While limited 2G coverage options will remain available until as long as 2020, nearly all companies in the Machine-to-Machine (M2M) and Internet of Things (IoT) spaces who have traditionally relied on 2G connectivity have already been impacted by the 2G sunset in one way or another. In the rapidly expanding IoT market, as most carriers in the US, Canada and Europe have already – or are beginning to – shut down their 2G networks for good, all paths forward are now pointing toward LTE.
This raises a number of questions as companies making the transition to LTE worry about cost and limited network coverage. Furthermore, LTE is seen as being a high-speed technology used mainly on computers and mobile devices for high-bandwidth applications, such as video streaming. While there exists increasing value for incorporating video in the areas of security, fleet management and so on, the capacity offered by LTE remains unnecessary for most M2M and IoT applications.
With all of these viable concerns in mind, new doors have opened for the development of cheaper LTE devices that are more power efficient and lower on speed. LTE is a far more efficient than 2G or 3G, the cost of LTE data is cheaper, network coverage has reached near saturation in the US and the cost of modules is trending downward. With the promise of LTE being the go-to technology for at least the next decade, companies can be confident in a future-proof investment, while emerging global standards all point to LTE. User Equipment (UE) Category 6 LTE throughput, for example, is already double that of earlier Category 4 standards, while Category 7 and Category 8 are slated for deployment over the next few years.
But what about companies that rely on low-bandwidth connectivity in the M2M and IoT spaces? Encouragingly, new devices that are cheaper, use lower data rates and offer efficiency in power consumption are rapidly in development using the newly developed LTE-M or Category M standard (“M” stands for “Machines”). In fact, AT&T and Verizon both launched commercially available LTE-M devices near the end of 2016, which has been called a “game changer” for the IoT. Nationwide expansion will take place this year, with T-Mobile rapidly following suit.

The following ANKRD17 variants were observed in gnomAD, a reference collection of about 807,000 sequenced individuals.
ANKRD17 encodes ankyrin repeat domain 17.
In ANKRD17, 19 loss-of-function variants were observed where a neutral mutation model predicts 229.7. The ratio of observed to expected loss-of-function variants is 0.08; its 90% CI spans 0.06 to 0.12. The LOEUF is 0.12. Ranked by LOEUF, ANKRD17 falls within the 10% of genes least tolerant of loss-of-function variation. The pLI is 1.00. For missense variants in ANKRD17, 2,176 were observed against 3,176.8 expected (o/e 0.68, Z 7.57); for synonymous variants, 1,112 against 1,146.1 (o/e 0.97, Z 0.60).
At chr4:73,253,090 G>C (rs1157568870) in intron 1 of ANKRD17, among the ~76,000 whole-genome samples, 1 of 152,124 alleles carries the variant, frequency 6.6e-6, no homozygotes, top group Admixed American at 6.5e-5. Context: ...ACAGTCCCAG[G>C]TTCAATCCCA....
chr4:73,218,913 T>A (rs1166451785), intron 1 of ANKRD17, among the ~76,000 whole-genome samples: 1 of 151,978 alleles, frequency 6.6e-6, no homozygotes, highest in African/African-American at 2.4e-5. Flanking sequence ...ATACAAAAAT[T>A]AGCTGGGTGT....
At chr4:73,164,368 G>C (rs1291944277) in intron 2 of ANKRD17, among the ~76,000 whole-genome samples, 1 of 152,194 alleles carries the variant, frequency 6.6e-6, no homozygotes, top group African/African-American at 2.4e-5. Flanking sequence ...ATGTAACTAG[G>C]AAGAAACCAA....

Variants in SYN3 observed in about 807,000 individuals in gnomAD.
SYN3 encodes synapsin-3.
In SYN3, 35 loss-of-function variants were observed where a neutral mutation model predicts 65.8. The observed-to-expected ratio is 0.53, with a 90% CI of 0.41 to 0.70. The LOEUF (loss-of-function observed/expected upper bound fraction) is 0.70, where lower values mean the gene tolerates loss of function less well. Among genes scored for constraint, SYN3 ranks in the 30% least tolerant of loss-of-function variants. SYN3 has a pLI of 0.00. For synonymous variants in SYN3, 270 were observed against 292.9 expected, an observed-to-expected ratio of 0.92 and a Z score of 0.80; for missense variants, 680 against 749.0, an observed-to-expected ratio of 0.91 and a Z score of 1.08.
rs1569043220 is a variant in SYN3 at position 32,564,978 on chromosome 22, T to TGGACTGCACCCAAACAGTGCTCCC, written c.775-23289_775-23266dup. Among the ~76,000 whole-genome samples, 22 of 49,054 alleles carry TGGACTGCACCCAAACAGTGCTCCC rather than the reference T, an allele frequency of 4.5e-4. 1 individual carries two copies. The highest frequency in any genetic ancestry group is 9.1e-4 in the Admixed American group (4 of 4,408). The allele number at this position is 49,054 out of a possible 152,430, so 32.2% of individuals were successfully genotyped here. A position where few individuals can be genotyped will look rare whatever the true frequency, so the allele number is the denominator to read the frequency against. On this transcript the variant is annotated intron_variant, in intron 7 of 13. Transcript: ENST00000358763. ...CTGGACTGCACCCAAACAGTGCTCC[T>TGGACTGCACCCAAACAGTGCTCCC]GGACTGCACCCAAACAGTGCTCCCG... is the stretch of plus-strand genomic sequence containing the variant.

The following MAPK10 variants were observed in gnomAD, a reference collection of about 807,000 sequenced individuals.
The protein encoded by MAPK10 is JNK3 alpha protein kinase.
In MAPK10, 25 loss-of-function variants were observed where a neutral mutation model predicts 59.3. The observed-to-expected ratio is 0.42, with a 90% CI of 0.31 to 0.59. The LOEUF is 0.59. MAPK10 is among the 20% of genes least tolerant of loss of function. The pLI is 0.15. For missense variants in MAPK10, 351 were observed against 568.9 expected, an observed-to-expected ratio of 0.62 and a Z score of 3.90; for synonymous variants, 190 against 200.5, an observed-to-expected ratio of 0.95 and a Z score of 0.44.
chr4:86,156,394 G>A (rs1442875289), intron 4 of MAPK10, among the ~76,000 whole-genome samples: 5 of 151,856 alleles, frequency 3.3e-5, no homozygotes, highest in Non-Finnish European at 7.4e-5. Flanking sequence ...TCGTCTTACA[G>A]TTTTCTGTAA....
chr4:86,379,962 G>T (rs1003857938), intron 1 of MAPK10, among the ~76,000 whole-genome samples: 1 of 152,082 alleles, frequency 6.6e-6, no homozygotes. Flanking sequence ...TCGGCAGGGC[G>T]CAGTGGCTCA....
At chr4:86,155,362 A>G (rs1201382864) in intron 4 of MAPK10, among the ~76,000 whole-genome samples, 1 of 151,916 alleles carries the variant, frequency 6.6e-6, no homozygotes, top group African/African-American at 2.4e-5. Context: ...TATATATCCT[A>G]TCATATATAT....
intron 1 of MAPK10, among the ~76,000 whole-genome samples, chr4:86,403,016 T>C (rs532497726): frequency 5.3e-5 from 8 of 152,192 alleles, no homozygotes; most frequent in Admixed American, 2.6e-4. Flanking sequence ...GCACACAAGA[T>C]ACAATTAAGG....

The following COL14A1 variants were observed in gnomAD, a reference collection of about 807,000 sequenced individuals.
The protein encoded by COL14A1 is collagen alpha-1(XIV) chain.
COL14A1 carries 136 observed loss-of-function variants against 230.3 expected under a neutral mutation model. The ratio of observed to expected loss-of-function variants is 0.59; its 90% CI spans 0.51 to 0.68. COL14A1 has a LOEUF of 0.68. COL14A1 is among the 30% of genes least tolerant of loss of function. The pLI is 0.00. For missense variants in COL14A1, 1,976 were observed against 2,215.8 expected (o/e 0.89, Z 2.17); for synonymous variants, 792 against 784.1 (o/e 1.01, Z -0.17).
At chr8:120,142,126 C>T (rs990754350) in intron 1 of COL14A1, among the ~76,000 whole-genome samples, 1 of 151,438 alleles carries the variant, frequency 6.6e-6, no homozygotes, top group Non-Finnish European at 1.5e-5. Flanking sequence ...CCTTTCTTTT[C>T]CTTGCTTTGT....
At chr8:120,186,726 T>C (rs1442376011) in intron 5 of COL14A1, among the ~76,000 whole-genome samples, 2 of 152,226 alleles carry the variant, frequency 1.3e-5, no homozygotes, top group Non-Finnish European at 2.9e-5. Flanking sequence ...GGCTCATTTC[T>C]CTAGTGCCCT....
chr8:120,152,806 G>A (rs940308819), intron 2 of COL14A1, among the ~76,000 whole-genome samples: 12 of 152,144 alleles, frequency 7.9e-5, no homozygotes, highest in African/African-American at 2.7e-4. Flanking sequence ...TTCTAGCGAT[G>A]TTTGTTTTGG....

LTE-M’s IoT-centric chipsets are the foundation of the advancement of LTE beyond traditional smartphones, tablets and routers. Category M is expected to improve the economics of the IoT by enabling sensors and devices requiring lower throughput, ultra-low power consumption, low complexity and enhanced LTE coverage for underground and in-building areas as examples.
ORBCOMM’s own LTE asset tracking devices will enable our customers in many vertical markets to future-proof their solution investments with ubiquitous dual-mode coverage.
“We are ahead of the competition. Not only we are in the process of upgrading our line of asset tracking and monitoring devices to LTE, we have already launched an LTE trailer and asset tracking device,” says Keith Gelinas, ORBCOMM Senior Vice President of OEM and Network Channel Sales. “Our GT 1100 life span is seven to ten years and the LTE version future-proofs the device for the next decade.”
The pace at which LTE is being adopted for IoT is accelerating at a dizzying rate. In the not too distant future, IoT will connect more and more billions of devices to the Internet. It is clear that reliable, optimized LTE connectivity is the future of M2M and IoT, and now is the time to start developing future-proof solutions for long term deployments.